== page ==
Camping is all about getting away from the crowds and being outdoors. Nothing epitomizes that more than looking at the stars at night.

With all of the recent excitement surrounding the solar eclipse, there has been a renewed interest in astronomy across the country. And there is plenty more to see.

Whether you are new to astronomy or an expert, there is much you can enjoy in the night sky while RVing.


Eyes are all you need to see stars, planets, meteors and objects such as the Hubble telescope. Binoculars are worthwhile to help you see objects such as the moons around Jupiter and star clusters. Binoculars fit well in an RV and can be used for other things like bird watching.

If you really enjoy astronomy and have room in your RV, adding a telescope is great.

What can you see?

Start with the major constellations. Most of the time you can see the Big Dipper, and you can learn to sight along this dipper to find the North Star. Orion is an easy constellation to see in the winter.

Don't try to learn too many constellations at once. I like to add a single constellation then see if I can remember it the next time.

The stars all have names and characteristics. Can you find the Summer Triangle (Vega, Deneb, Altair)? Look for the double stars of Mizar and Alcor in the Big Dipper. In Orion, the star Betelgeuse is reddish, while Rigel is bluish.

Most of the time you can see the Big Dipper, and you can learn to sight along this dipper to find the North Star.

Personally, I think planets are the most interesting objects in the sky. There are times when no planets are visible and times when the nearest five are visible (Mercury, Venus, Mars, Jupiter and Saturn). Using an app is probably the easiest method to find a planet. With some magnification, you can see colors, the four major moons around Jupiter, and even the rings of Saturn.

The moon is always interesting. You can identify specific craters or find the general area where astronauts landed.

The moon at Patagonia Lake State Park in Arizona

Circling the Earth are more than 2,000 man-made satellites. Some can be seen as a light moving across the field of stars. The easiest to find are the International Space Station (ISS) and the Hubble Space Telescope (HST). These can be found on many apps, along with websites such as

Meteors can be seen when a rock fragment burns up in the atmosphere, and they can occur at any time. They are seen as a light that streaks across the sky and disappears within a second or two.

Meteor showers means that fragments in space come more frequently. This translates into more sightings, but this normally means only one or two every minute or even every 10 minutes. Still cool!

Messier objects are a list of objects such as star clusters, nebula and galaxies. My favorites are the Pleiades near Taurus and the M42 nebula in Orion. You can even see the galaxy of Andromeda.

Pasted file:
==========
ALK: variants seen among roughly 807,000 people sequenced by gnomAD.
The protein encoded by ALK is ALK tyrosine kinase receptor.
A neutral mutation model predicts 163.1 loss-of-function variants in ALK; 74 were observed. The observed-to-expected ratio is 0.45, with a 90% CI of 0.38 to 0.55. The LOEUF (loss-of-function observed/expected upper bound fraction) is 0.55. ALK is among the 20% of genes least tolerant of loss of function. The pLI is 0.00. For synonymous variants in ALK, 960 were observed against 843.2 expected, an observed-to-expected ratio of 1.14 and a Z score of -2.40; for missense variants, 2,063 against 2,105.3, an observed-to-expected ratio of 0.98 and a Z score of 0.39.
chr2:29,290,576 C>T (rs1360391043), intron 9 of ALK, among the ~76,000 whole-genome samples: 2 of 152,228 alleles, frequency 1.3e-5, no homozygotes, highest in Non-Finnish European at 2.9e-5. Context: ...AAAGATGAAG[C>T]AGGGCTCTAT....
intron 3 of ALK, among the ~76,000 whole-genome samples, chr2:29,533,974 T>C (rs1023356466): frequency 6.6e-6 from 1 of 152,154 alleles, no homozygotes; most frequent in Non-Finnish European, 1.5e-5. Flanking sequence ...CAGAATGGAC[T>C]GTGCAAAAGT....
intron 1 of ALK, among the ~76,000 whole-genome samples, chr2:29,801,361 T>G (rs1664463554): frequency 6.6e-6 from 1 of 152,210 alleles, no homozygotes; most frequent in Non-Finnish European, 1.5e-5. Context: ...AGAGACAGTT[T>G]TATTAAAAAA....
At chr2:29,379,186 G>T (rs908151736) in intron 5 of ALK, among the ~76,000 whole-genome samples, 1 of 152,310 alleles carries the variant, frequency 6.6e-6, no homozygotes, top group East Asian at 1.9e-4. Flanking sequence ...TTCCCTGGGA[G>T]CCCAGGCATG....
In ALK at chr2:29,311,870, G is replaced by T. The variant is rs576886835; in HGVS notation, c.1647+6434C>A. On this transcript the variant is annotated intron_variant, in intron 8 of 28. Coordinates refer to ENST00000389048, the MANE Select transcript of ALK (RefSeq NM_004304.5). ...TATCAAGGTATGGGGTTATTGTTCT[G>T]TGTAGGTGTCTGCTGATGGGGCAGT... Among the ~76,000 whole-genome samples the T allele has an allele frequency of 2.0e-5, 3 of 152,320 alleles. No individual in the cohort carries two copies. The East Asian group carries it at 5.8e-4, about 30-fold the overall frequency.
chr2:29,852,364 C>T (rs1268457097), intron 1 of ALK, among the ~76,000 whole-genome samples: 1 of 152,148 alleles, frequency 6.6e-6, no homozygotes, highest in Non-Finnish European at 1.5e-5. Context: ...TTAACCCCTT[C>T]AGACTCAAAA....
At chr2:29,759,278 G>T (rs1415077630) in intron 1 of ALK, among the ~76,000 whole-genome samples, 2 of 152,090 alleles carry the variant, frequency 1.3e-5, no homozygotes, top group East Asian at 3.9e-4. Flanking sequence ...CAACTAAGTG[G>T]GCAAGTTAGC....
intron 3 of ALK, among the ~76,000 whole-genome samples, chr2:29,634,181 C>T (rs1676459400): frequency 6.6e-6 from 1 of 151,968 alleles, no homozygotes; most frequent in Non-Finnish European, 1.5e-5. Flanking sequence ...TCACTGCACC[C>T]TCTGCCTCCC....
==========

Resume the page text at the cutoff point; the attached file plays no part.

Binoculars and telescopes are needed to really see many of them well, but some can be seen by eye when the sky is dark enough. The Milky Way isn't a Messier object, but it can be spectacular both by eyesight when the sky is dark enough or by using binoculars.


In the old days, we brought out a star chart and struggled with a flashlight to see the chart then try to find it in the sky. Now there are several free apps like Sky Map or SkyView for your phone that you can point in the sky to understand what you are seeing. These show constellations, star names, planets, the ISS and the Hubble telescope.

Charts are still needed for more advanced objects. Read books or websites to learn more. Websites like and are particularly good to get information on current events like an eclipse or meteor showers.

Professional astronomy

As RVers, we have the opportunity to visit observatories with immense optical and radio telescopes. Most observatories have a museum connected and "star nights" where you can see some amazing sights.

I find both the science of the astronomical finds and the engineering of these immense telescopes fascinating.

The NRAO Very Large Array in Socorro, New Mexico.


Many of our normal stops have reasonable views of the stars. To get the best views, visit a Dark Sky Park. These are where light pollution from outdoor lights is minimized in the park and the surrounding community allowing great views of the night sky. Some of these include:

  • Grand Canyon-Parashant National Monument — Arizona
  • Death Valley National Park — California
  • Black Canyon of the Gunnison National Park — Colorado
  • Potawatomi Wildlife Park — Indiana
  • Stephen C. Foster State Park — Georgia
  • Lake Hudson State Recreation Area — Michigan
  • Chaco Culture National Historical Park — New Mexico
  • Cherry Springs State Park — Pennsylvania
  • Big Bend National Park — Texas
  • Natural Bridges National Monument — Utah

Some parks have an astronomy program where you might be able to use a bigger telescope. City of Rocks State Park in New Mexico and Brazos Bend State Park in Texas have small observatories open to the public at certain times.

How can you help?

Reduce light pollution by remembering to turn off your lights at night. Keeping external lights off has a lot of benefits:

  • Stars are easier to see.
  • The lights won't accidentally shine into other campers' windows, keeping them awake.
  • Complete darkness helps your own sleep.
  • Lights affect wildlife. Remember, many animals are nocturnal, and lights adversely affect their environment.
  • Annoying bugs are attracted to the light.
  • You are helping the environment by not wasting energy.

The only benefit I have heard for lights is that people believe it might reduce the chance of a burglary. But studies are mixed on this, and burglary is rare in parks.

Astronomy is a great hobby to enjoy while RVing. Where have you found dark skies for viewing? What astronomical websites do you use?